Back in 2016, Google released the Penguin 4.0 update. While the rollout came with a lot of new changes, a favorite among SEO experts was how the search engine ended link-based penalization.
That means, webmasters no longer have to disavow links for penguin-based offenses. At the time, some people even assumed that disavowing links had become altogether unnecessary.
But, that’s not exactly the case.
According to John Mueller, disavowing a link “makes sense if you have a manual action that’s based on link issues and you can’t clean those links up.”
Mueller further noted that:
“If you’re unsure as to whether or not Google is actually taking those into account or kind of taking those out of the equation, then the disavow file is a great way to kind of get peace of mind.”
In other words, disavowing a link is still a smart SEO decision. There’s just one small question; when does it make sense to disavow a link in your backlink profile?
Disavowing a Link: 5 Ways To Know It’s Time To Let Go
Outlined below are five ways for you to know when it’s time to let a link go.
1. When You Purchased the Link
Purchasing a link to enhance PageRank is in direct violation of Google’s Webmaster Guidelines. That means, the search engine company can penalize you for it.
But, what if you made the purchase months ago – maybe even years – you should be home free, right?
No, not exactly. According to experts, any purchased link can come back to haunt you. Whether it’s from a link providing service, paid guest blog links or online directories, you’re not safe till you disavow them.
2. When You Have Spam Backlinks
Google hates spam and de-ranks sites for it. Not only did the search engine create the Penguin update to address link spam, but it also dedicated a whole page to link schemes in its quality guidelines.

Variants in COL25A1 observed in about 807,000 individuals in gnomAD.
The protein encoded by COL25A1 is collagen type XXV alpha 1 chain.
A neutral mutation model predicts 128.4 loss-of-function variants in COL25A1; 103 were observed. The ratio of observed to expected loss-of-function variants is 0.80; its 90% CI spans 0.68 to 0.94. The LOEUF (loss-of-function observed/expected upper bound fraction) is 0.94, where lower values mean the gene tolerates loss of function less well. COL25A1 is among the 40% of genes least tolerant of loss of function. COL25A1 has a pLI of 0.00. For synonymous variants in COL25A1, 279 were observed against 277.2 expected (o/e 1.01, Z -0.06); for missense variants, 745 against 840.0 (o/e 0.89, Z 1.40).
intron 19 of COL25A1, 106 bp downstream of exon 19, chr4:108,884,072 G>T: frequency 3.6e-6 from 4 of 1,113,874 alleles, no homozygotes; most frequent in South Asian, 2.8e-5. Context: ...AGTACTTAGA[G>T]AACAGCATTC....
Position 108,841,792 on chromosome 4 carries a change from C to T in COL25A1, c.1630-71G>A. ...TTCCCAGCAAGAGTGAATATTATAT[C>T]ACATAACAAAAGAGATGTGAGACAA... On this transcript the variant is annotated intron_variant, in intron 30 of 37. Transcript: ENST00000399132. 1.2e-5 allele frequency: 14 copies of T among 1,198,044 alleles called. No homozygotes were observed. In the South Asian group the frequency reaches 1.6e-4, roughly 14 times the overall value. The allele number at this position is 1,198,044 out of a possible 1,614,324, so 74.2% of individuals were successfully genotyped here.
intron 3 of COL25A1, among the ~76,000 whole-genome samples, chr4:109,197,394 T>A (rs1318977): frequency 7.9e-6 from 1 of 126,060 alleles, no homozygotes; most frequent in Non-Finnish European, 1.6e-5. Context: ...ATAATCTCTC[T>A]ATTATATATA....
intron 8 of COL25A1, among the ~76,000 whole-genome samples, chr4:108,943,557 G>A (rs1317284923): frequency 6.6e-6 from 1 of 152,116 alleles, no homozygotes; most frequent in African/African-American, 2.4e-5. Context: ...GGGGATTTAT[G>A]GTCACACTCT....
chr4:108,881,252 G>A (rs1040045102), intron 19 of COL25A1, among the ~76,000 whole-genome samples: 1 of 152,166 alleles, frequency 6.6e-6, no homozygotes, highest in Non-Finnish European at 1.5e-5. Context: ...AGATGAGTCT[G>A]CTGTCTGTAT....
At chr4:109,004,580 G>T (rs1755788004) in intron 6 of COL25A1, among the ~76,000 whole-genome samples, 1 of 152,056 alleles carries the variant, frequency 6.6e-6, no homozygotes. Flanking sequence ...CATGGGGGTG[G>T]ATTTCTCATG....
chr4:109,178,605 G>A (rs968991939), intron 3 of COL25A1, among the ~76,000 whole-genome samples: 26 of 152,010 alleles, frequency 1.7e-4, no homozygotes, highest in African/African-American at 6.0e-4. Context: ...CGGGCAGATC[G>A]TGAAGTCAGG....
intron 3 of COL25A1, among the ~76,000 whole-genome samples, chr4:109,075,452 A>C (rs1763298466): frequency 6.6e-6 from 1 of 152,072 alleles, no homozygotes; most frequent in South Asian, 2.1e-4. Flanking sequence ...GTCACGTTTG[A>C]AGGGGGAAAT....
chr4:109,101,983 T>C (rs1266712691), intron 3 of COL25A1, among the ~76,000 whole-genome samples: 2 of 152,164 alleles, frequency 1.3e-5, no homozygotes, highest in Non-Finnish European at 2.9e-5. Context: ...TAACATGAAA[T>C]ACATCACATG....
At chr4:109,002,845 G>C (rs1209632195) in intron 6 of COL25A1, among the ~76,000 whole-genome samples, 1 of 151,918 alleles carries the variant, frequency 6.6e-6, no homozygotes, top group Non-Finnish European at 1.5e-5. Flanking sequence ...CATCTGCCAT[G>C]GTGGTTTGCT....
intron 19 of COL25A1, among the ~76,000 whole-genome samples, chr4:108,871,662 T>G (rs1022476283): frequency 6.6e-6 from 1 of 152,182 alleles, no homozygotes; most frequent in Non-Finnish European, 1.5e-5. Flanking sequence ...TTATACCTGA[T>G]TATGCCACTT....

So, how can you tell if a link is spammy?
Several backlink analysis tools exist to help you check for spam backlinks. Examples include Ahrefs and SEMrush.
3. When You Have Too Many Low-Quality Links
Although low-quality links are not as damaging as spam links, too many of them can devalue your site. In the end, it could prevent your site’s ranking from improving, regardless of your SEO strategy.
How can you identify a low-quality link, you ask?
Consider websites with low domain and page authority. In worst cases, the sites will have no page or domain indexation.
4. When You Have Too Many Irrelevant Backlinks
Sites with the highest content relevance tend to rank on the first SERP. So, it’s no secret that Google values relevancy.
However, content relevance extends beyond the length or depth of a write-up; the links are just as essential. As a result, sites with links from irrelevant sites – not related to your niche – typically get devalued in search results.
For example, a link from a baseball site to one about food recipe raises relevancy issues.
When you discover such a link in your profile, you know it’s time to let it go.
5. When You Suffer a Manual Link Penalty
Google sometimes manually reviews and penalizes some sites for violation of its quality guidelines. While several SEO practices can invoke the wrath of the search engine company, unnatural link building is a popular cause.
So, if you have received a manual penalty or ever received one in the past, you know it’s time to disavow the unnatural link.
With the right backlink analysis tool, you can collect all the information you need to know if a link is worth keeping.
Good luck with your link disavowing quest!